First Hit: A very taut thriller that captured the intenseness of being a 911 operator.
Keeping one’s emotional detachment in place when someone else’s world is falling apart is a talent, especially when they are relying on you to save them.
That is the life of a 911 phone specialist. Keeping their composure while guiding someone through a tough situation would be difficult. 911 personal also get people who call them for ridiculous things like lost keys. This film focuses on Jordan (Halle Berry) who gets a call from a young girl named Leah who is home alone and someone is breaking into her house, she calls 911 and gets Jordan.
As the perpetrator finds Leah, he grabs the phone from Leah and tells Jordan in response to her statement “please don’t hurt her”, “it’s already done". The girl isn’t found until they uncover her buried and dead. The whole experience affects Jordan more than she wanted and changes jobs from being on the phone to teaching others about how to be on the phone.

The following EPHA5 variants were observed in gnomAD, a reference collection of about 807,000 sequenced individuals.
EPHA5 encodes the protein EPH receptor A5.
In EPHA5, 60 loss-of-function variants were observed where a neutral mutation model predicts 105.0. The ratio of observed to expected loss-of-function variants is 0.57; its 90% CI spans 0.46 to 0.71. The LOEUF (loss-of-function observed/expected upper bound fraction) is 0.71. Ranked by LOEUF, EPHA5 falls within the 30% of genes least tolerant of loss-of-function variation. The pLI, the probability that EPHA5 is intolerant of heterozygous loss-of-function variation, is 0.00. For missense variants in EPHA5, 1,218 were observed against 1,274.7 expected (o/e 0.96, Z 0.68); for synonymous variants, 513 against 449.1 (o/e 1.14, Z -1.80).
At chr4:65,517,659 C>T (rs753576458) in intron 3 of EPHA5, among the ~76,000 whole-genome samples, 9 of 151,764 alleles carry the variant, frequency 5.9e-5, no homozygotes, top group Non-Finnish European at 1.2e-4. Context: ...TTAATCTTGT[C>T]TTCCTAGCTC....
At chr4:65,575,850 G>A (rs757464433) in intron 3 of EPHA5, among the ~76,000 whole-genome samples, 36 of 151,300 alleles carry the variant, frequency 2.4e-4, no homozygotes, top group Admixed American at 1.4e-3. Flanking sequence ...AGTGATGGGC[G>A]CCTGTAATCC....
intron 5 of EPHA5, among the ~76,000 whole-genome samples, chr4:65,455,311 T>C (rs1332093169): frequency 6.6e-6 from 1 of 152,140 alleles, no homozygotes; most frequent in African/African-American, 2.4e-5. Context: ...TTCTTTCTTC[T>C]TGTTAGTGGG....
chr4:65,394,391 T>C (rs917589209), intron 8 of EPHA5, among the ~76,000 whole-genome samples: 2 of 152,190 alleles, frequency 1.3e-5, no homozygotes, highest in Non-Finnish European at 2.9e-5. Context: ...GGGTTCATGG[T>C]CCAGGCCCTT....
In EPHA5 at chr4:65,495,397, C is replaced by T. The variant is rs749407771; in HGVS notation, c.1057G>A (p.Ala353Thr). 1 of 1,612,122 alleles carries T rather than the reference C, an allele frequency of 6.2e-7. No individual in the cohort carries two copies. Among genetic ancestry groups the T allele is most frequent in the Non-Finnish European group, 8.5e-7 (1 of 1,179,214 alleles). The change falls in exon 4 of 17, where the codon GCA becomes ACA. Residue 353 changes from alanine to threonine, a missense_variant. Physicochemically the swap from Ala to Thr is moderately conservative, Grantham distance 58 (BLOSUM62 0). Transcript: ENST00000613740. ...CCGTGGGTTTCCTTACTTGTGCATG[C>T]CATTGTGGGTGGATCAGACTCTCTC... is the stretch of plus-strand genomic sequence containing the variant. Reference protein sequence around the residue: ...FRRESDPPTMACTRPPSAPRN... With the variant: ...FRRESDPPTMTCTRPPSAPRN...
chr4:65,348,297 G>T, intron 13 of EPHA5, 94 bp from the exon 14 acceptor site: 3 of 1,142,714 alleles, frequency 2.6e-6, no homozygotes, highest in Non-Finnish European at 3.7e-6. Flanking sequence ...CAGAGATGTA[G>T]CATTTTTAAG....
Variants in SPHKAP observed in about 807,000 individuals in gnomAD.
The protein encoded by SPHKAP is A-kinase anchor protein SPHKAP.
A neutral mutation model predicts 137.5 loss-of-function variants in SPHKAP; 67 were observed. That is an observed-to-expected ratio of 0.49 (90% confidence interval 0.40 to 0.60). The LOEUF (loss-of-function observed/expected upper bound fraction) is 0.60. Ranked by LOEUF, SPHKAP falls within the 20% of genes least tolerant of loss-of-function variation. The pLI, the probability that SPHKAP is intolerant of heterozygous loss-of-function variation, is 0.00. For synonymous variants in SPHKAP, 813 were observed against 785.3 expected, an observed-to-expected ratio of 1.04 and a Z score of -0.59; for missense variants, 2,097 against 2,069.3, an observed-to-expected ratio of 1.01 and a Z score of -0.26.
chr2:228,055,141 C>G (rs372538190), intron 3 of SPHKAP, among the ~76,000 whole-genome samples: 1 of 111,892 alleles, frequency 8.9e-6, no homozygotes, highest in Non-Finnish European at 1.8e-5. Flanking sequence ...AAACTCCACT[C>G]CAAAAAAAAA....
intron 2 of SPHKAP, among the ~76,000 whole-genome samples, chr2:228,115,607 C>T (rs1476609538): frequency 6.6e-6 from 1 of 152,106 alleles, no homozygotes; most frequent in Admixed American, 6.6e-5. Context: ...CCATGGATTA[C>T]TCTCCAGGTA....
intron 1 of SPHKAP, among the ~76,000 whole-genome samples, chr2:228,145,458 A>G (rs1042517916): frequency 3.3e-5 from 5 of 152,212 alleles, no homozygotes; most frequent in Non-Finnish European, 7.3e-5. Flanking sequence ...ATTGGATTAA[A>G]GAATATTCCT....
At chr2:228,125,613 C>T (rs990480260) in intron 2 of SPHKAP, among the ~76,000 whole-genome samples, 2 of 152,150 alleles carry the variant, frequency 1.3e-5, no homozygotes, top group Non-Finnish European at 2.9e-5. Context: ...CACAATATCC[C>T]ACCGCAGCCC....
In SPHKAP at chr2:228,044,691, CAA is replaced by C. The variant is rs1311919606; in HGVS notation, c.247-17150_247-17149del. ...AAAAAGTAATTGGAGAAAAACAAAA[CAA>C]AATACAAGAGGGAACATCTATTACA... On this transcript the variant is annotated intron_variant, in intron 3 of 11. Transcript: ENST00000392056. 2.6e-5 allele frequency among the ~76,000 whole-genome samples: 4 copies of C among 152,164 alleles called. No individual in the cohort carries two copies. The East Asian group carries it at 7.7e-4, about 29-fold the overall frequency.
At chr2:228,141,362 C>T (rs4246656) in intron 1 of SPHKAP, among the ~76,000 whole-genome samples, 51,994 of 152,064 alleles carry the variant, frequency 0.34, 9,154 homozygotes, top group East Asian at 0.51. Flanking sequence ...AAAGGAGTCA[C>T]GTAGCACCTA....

While taking a group through the call center, a novice gets a call from a young girl, Casey (Abigail Breslin) who is being abducted. The novice hands the phone to the more senior Jordon and the real thriller begins. The scenes of Jordan and her call center mates were very well done because of the job they share, the scenes came across deeply touching given what they share.
Berry was very strong and exhibited great angst and intensity as her part unfolded. Breslin was very good as the captured girl who wanted, in the end, to stay alive. Michael Eklund (as Michael Foster) was perfectly and weirdly intense as the kidnapper. The scene of him waiting at the stop light for the signal to change was amazing. The audience sees his mouth and jaw clicking and clenching, making small noises, - perfect. Richard D’Ovidio wrote a very intense and strong script while Brad Anderson’s direction kept it taut.
Overall: Well done.